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Universal Component Tester


Universal Component Tester

While cleaning up some shelves in the shop last week, I came across one of those cheap little component testers that I bought from some forgotten vendor in the past.  These are pretty convenient to identify unknown components and do a simple functionality test of all kinds of components.


Universal Component Tester

It came unmounted to anything, so I decided to stick it into a small metal box to protect it from dirt and dust as it sits on a shelf between uses.  I have a stack of 24 little metal boxes that I bought surplus from another forgotten vendor.  They are brand new, never used.  A little bit bigger than a typical Altoids tin, but made out of the same thin metal.

The back of the boxes shows that they were intended to package some tobacco product.  But again, they were never used, so no smell associated with them. I guess they could be considered the modern day equivalent of the old cigar boxes we used to build things in…

I started by placing the tester onto the bottom of the box, and marking the mounting hole locations.  For two holes, they were unused, so no problem.  I marked and drilled them.  Then I rotated the tester around and laid the mounting screws for the display unit into the newly drilled holes.  Then I used the empty holes again to mark the spots to drill the second two mounting holes.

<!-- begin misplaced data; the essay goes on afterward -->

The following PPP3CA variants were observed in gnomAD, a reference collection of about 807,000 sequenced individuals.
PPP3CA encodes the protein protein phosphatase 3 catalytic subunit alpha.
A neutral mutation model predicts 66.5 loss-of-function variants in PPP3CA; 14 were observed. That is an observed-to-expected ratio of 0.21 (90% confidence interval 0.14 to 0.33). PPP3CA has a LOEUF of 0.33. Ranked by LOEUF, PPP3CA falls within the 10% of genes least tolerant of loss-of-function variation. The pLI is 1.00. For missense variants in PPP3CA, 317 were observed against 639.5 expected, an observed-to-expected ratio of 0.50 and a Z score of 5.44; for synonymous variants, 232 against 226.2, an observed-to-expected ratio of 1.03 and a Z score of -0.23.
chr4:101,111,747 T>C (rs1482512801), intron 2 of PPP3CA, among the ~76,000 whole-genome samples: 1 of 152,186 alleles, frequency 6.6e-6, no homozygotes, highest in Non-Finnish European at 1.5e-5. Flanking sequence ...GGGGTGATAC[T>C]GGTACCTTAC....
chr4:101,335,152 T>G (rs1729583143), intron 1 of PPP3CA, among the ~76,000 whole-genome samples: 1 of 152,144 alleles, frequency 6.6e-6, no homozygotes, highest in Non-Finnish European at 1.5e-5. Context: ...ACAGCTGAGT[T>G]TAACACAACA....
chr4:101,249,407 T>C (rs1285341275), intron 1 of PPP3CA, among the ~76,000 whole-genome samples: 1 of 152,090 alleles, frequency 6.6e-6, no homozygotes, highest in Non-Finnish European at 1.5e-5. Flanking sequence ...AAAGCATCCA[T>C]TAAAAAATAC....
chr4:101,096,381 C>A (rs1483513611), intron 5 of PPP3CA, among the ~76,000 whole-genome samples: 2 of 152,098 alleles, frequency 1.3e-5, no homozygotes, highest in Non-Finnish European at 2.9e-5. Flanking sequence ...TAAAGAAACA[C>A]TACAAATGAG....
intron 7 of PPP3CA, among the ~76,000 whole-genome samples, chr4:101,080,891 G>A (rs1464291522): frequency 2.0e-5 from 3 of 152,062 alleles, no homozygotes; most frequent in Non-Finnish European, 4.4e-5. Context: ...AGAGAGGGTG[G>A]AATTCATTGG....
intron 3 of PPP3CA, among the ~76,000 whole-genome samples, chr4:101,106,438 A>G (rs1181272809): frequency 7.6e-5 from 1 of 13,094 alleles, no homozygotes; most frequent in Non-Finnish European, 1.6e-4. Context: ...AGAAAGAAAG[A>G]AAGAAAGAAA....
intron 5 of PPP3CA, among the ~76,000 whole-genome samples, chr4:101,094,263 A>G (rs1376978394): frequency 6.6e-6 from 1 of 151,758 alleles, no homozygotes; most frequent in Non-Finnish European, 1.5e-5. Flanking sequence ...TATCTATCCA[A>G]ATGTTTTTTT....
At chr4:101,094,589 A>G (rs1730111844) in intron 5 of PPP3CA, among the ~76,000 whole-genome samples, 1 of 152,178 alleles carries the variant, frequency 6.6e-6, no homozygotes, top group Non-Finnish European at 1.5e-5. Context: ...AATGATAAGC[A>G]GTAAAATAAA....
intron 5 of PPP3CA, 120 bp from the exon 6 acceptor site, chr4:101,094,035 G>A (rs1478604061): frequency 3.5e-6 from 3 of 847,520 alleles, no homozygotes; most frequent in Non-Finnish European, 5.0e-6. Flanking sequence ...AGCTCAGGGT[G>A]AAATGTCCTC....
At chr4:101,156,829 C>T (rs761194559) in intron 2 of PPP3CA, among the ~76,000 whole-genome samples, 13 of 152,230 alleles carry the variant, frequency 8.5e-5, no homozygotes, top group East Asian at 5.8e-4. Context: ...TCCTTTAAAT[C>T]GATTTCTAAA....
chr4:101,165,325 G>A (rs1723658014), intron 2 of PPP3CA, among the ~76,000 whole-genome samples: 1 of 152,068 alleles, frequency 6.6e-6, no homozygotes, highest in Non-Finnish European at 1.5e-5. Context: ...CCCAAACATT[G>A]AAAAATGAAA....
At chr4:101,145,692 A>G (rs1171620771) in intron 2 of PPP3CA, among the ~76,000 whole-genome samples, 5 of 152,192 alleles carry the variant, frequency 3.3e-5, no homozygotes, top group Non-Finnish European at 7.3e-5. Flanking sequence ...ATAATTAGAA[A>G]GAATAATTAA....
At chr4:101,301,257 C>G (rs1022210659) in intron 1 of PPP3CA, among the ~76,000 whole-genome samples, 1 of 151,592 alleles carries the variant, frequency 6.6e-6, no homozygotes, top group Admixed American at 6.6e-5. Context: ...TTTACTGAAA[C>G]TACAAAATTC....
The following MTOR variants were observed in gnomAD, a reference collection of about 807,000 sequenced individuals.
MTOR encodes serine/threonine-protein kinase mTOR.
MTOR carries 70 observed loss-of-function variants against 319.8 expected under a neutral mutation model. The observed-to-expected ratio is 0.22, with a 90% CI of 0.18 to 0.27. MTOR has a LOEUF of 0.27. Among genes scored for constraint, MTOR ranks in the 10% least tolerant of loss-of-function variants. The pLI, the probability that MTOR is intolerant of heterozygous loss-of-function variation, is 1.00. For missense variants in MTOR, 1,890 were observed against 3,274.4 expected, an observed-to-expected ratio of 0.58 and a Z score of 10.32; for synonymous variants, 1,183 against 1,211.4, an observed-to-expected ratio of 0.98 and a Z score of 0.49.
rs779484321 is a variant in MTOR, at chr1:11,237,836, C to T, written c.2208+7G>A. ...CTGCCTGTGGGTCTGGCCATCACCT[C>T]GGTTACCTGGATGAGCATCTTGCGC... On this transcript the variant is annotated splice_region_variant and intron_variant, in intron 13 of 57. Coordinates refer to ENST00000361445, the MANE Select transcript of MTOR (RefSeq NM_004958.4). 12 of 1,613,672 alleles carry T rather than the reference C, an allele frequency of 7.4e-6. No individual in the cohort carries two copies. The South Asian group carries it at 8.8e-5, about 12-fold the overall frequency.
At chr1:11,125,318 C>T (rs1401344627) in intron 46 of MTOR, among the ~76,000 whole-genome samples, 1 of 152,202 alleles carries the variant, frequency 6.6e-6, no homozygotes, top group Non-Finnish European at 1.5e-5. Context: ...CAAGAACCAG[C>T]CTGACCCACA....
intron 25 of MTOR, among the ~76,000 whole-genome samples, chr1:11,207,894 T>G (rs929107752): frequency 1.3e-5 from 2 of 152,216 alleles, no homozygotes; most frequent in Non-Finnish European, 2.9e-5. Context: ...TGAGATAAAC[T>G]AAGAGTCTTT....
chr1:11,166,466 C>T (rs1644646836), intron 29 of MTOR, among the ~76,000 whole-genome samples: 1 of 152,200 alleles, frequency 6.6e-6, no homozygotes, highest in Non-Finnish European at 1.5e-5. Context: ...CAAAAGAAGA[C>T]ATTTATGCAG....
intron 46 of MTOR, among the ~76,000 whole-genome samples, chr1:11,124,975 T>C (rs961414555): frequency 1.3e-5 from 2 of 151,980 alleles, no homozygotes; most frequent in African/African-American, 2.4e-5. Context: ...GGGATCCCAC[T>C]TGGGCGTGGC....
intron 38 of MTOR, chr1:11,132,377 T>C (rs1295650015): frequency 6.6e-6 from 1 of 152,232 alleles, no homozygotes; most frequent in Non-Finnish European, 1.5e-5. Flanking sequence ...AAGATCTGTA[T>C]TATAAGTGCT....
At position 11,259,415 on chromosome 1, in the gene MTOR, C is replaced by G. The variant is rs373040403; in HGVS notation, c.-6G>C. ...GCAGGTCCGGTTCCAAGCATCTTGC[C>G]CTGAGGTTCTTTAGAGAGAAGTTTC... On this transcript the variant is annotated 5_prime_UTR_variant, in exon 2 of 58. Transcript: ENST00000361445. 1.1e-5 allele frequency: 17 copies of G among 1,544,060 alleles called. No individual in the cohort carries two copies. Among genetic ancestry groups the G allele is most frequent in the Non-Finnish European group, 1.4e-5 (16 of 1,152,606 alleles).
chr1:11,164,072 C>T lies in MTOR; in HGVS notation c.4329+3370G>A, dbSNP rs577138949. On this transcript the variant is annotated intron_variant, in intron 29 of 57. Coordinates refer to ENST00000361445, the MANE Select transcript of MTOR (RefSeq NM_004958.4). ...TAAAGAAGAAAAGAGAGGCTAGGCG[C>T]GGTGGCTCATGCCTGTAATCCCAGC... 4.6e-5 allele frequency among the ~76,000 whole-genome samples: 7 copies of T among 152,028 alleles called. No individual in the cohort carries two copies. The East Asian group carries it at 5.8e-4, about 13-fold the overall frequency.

After the holes were drilled, I removed the two screws that were holding the display unit in place.  I replaced them with two standoffs, about 1″ high.  Then I put two more standoffs in the remaining two mounting holes.

Centering the standoffs over the mounting holes, I inserted mounting screws from the bottom of the case through the case to the standoffs.  Tightening them made for a solid mount for the tester.


Bottom View

With the tester on standoffs, there was enough room for the 9v battery to slide under the tester, potentially causing a short circuit.  So I made a couple of dividers from cardboard and painters tape to keep the battery in place and prevent it from moving around too much.  It is a simple friction fit into the case.



After mounting was complete, I fired it up and tested a transistor and a capacitor for functionality.  Everything appears to work fine.  It should be a handy little gadget.


PNP Transistor Test

Capacitor Test

Tin Box


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